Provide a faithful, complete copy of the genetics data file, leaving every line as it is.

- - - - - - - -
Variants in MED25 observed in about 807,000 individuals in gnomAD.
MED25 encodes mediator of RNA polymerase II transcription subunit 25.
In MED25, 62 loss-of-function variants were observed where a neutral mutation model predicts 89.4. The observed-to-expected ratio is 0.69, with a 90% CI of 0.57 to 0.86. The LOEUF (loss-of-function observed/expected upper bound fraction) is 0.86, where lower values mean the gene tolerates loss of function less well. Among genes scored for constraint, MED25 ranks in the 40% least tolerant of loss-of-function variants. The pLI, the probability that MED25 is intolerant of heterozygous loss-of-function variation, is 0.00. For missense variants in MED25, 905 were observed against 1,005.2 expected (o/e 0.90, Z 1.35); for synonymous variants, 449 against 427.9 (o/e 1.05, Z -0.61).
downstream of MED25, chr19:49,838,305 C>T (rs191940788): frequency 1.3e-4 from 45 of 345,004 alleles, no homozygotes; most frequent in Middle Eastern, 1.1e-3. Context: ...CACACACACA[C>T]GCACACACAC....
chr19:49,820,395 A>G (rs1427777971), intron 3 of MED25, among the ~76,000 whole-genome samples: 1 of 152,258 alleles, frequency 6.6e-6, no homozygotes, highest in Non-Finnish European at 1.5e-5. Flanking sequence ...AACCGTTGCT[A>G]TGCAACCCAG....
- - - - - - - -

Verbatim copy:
Variants in MED25 observed in about 807,000 individuals in gnomAD.
MED25 encodes mediator of RNA polymerase II transcription subunit 25.
In MED25, 62 loss-of-function variants were observed where a neutral mutation model predicts 89.4. The observed-to-expected ratio is 0.69, with a 90% CI of 0.57 to 0.86. The LOEUF (loss-of-function observed/expected upper bound fraction) is 0.86, where lower values mean the gene tolerates loss of function less well. Among genes scored for constraint, MED25 ranks in the 40% least tolerant of loss-of-function variants. The pLI, the probability that MED25 is intolerant of heterozygous loss-of-function variation, is 0.00. For missense variants in MED25, 905 were observed against 1,005.2 expected (o/e 0.90, Z 1.35); for synonymous variants, 449 against 427.9 (o/e 1.05, Z -0.61).
downstream of MED25, chr19:49,838,305 C>T (rs191940788): frequency 1.3e-4 from 45 of 345,004 alleles, no homozygotes; most frequent in Middle Eastern, 1.1e-3. Context: ...CACACACACA[C>T]GCACACACAC....
chr19:49,820,395 A>G (rs1427777971), intron 3 of MED25, among the ~76,000 whole-genome samples: 1 of 152,258 alleles, frequency 6.6e-6, no homozygotes, highest in Non-Finnish European at 1.5e-5. Flanking sequence ...AACCGTTGCT[A>G]TGCAACCCAG....